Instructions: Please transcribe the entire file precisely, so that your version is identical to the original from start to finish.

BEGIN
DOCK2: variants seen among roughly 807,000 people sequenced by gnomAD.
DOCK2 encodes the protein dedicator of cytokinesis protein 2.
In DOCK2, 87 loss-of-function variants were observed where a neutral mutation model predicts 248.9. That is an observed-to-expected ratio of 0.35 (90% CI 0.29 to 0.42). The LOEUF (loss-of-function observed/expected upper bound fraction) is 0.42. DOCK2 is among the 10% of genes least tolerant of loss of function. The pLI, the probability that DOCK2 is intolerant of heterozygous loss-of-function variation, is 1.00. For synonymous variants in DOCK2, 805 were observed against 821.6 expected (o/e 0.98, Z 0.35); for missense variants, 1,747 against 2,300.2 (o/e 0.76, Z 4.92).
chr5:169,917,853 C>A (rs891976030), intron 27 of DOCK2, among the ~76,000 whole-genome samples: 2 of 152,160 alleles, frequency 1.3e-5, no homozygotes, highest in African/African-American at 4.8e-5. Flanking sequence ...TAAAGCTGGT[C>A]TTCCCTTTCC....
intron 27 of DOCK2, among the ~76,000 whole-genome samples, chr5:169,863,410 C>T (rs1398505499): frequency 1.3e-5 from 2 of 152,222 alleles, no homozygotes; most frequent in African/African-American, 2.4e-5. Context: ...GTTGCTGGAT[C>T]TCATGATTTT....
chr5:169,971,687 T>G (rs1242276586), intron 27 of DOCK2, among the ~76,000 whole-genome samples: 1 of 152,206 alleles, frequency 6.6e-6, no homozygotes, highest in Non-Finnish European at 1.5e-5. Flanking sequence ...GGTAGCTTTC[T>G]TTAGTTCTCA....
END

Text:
DOCK2: variants seen among roughly 807,000 people sequenced by gnomAD.
DOCK2 encodes the protein dedicator of cytokinesis protein 2.
In DOCK2, 87 loss-of-function variants were observed where a neutral mutation model predicts 248.9. That is an observed-to-expected ratio of 0.35 (90% CI 0.29 to 0.42). The LOEUF (loss-of-function observed/expected upper bound fraction) is 0.42. DOCK2 is among the 10% of genes least tolerant of loss of function. The pLI, the probability that DOCK2 is intolerant of heterozygous loss-of-function variation, is 1.00. For synonymous variants in DOCK2, 805 were observed against 821.6 expected (o/e 0.98, Z 0.35); for missense variants, 1,747 against 2,300.2 (o/e 0.76, Z 4.92).
chr5:169,917,853 C>A (rs891976030), intron 27 of DOCK2, among the ~76,000 whole-genome samples: 2 of 152,160 alleles, frequency 1.3e-5, no homozygotes, highest in African/African-American at 4.8e-5. Flanking sequence ...TAAAGCTGGT[C>A]TTCCCTTTCC....
intron 27 of DOCK2, among the ~76,000 whole-genome samples, chr5:169,863,410 C>T (rs1398505499): frequency 1.3e-5 from 2 of 152,222 alleles, no homozygotes; most frequent in African/African-American, 2.4e-5. Context: ...GTTGCTGGAT[C>T]TCATGATTTT....
chr5:169,971,687 T>G (rs1242276586), intron 27 of DOCK2, among the ~76,000 whole-genome samples: 1 of 152,206 alleles, frequency 6.6e-6, no homozygotes, highest in Non-Finnish European at 1.5e-5. Flanking sequence ...GGTAGCTTTC[T>G]TTAGTTCTCA....